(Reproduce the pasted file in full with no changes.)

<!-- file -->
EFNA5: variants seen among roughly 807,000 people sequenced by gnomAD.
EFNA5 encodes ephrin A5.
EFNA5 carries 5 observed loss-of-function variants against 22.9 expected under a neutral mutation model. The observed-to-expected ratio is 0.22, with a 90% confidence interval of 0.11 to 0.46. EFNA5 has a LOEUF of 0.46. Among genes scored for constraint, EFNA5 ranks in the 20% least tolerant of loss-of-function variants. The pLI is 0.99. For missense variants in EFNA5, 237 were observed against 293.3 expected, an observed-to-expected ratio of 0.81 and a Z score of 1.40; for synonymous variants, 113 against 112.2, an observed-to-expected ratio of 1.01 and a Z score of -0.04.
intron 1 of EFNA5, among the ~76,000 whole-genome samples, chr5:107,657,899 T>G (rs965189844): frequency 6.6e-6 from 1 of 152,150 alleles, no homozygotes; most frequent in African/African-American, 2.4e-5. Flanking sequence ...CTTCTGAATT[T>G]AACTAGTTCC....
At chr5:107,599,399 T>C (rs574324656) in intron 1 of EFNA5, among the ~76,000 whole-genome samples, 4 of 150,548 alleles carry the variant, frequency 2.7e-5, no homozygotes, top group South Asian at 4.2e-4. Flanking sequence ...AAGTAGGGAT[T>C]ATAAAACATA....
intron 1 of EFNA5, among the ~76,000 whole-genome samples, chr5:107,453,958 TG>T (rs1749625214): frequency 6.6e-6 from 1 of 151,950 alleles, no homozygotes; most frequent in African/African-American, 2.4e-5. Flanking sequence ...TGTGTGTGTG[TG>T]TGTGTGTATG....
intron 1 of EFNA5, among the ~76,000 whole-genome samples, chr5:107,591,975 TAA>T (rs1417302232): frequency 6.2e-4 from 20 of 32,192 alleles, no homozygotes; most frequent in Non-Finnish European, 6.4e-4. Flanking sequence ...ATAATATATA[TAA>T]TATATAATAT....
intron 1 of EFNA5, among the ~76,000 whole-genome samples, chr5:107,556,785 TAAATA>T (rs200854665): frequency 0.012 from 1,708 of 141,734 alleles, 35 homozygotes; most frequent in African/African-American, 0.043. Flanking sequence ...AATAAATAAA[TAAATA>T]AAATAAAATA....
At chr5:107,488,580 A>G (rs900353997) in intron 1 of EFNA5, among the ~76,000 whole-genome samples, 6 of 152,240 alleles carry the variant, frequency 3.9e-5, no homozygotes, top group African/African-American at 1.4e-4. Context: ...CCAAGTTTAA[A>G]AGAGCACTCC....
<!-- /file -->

EFNA5: variants seen among roughly 807,000 people sequenced by gnomAD.
EFNA5 encodes ephrin A5.
EFNA5 carries 5 observed loss-of-function variants against 22.9 expected under a neutral mutation model. The observed-to-expected ratio is 0.22, with a 90% confidence interval of 0.11 to 0.46. EFNA5 has a LOEUF of 0.46. Among genes scored for constraint, EFNA5 ranks in the 20% least tolerant of loss-of-function variants. The pLI is 0.99. For missense variants in EFNA5, 237 were observed against 293.3 expected, an observed-to-expected ratio of 0.81 and a Z score of 1.40; for synonymous variants, 113 against 112.2, an observed-to-expected ratio of 1.01 and a Z score of -0.04.
intron 1 of EFNA5, among the ~76,000 whole-genome samples, chr5:107,657,899 T>G (rs965189844): frequency 6.6e-6 from 1 of 152,150 alleles, no homozygotes; most frequent in African/African-American, 2.4e-5. Flanking sequence ...CTTCTGAATT[T>G]AACTAGTTCC....
At chr5:107,599,399 T>C (rs574324656) in intron 1 of EFNA5, among the ~76,000 whole-genome samples, 4 of 150,548 alleles carry the variant, frequency 2.7e-5, no homozygotes, top group South Asian at 4.2e-4. Flanking sequence ...AAGTAGGGAT[T>C]ATAAAACATA....
intron 1 of EFNA5, among the ~76,000 whole-genome samples, chr5:107,453,958 TG>T (rs1749625214): frequency 6.6e-6 from 1 of 151,950 alleles, no homozygotes; most frequent in African/African-American, 2.4e-5. Flanking sequence ...TGTGTGTGTG[TG>T]TGTGTGTATG....
intron 1 of EFNA5, among the ~76,000 whole-genome samples, chr5:107,591,975 TAA>T (rs1417302232): frequency 6.2e-4 from 20 of 32,192 alleles, no homozygotes; most frequent in Non-Finnish European, 6.4e-4. Flanking sequence ...ATAATATATA[TAA>T]TATATAATAT....
intron 1 of EFNA5, among the ~76,000 whole-genome samples, chr5:107,556,785 TAAATA>T (rs200854665): frequency 0.012 from 1,708 of 141,734 alleles, 35 homozygotes; most frequent in African/African-American, 0.043. Flanking sequence ...AATAAATAAA[TAAATA>T]AAATAAAATA....
At chr5:107,488,580 A>G (rs900353997) in intron 1 of EFNA5, among the ~76,000 whole-genome samples, 6 of 152,240 alleles carry the variant, frequency 3.9e-5, no homozygotes, top group African/African-American at 1.4e-4. Context: ...CCAAGTTTAA[A>G]AGAGCACTCC....